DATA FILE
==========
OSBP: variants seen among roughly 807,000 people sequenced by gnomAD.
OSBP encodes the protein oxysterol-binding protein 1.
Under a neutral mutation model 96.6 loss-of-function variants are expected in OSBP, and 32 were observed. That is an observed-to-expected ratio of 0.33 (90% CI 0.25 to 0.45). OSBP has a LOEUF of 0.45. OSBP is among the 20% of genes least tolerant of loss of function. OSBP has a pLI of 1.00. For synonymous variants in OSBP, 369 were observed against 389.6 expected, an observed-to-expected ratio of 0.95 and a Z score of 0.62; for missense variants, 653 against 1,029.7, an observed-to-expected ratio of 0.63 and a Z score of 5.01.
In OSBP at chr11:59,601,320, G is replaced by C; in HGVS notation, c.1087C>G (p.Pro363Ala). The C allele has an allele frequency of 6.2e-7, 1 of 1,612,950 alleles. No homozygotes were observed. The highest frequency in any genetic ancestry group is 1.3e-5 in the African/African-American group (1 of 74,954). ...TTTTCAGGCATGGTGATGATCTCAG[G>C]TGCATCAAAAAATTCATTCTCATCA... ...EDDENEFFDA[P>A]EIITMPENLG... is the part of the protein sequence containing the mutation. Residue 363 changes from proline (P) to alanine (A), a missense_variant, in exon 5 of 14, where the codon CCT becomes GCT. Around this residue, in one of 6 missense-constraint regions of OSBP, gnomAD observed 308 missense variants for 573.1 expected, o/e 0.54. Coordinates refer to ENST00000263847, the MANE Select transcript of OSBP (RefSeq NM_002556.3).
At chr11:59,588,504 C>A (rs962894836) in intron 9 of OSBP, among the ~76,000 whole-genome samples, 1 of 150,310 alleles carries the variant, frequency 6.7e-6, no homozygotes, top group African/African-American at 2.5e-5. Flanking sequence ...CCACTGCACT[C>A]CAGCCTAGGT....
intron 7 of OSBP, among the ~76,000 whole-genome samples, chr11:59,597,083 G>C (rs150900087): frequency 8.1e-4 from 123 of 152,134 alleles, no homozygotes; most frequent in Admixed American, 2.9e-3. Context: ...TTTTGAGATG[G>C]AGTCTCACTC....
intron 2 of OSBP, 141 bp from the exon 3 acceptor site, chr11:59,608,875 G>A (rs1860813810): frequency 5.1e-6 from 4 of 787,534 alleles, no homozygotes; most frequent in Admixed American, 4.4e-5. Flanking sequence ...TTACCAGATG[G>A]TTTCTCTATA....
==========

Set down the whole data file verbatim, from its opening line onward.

OSBP: variants seen among roughly 807,000 people sequenced by gnomAD.
OSBP encodes the protein oxysterol-binding protein 1.
Under a neutral mutation model 96.6 loss-of-function variants are expected in OSBP, and 32 were observed. That is an observed-to-expected ratio of 0.33 (90% CI 0.25 to 0.45). OSBP has a LOEUF of 0.45. OSBP is among the 20% of genes least tolerant of loss of function. OSBP has a pLI of 1.00. For synonymous variants in OSBP, 369 were observed against 389.6 expected, an observed-to-expected ratio of 0.95 and a Z score of 0.62; for missense variants, 653 against 1,029.7, an observed-to-expected ratio of 0.63 and a Z score of 5.01.
In OSBP at chr11:59,601,320, G is replaced by C; in HGVS notation, c.1087C>G (p.Pro363Ala). The C allele has an allele frequency of 6.2e-7, 1 of 1,612,950 alleles. No homozygotes were observed. The highest frequency in any genetic ancestry group is 1.3e-5 in the African/African-American group (1 of 74,954). ...TTTTCAGGCATGGTGATGATCTCAG[G>C]TGCATCAAAAAATTCATTCTCATCA... ...EDDENEFFDA[P>A]EIITMPENLG... is the part of the protein sequence containing the mutation. Residue 363 changes from proline (P) to alanine (A), a missense_variant, in exon 5 of 14, where the codon CCT becomes GCT. Around this residue, in one of 6 missense-constraint regions of OSBP, gnomAD observed 308 missense variants for 573.1 expected, o/e 0.54. Coordinates refer to ENST00000263847, the MANE Select transcript of OSBP (RefSeq NM_002556.3).
At chr11:59,588,504 C>A (rs962894836) in intron 9 of OSBP, among the ~76,000 whole-genome samples, 1 of 150,310 alleles carries the variant, frequency 6.7e-6, no homozygotes, top group African/African-American at 2.5e-5. Flanking sequence ...CCACTGCACT[C>A]CAGCCTAGGT....
intron 7 of OSBP, among the ~76,000 whole-genome samples, chr11:59,597,083 G>C (rs150900087): frequency 8.1e-4 from 123 of 152,134 alleles, no homozygotes; most frequent in Admixed American, 2.9e-3. Context: ...TTTTGAGATG[G>C]AGTCTCACTC....
intron 2 of OSBP, 141 bp from the exon 3 acceptor site, chr11:59,608,875 G>A (rs1860813810): frequency 5.1e-6 from 4 of 787,534 alleles, no homozygotes; most frequent in Admixed American, 4.4e-5. Flanking sequence ...TTACCAGATG[G>A]TTTCTCTATA....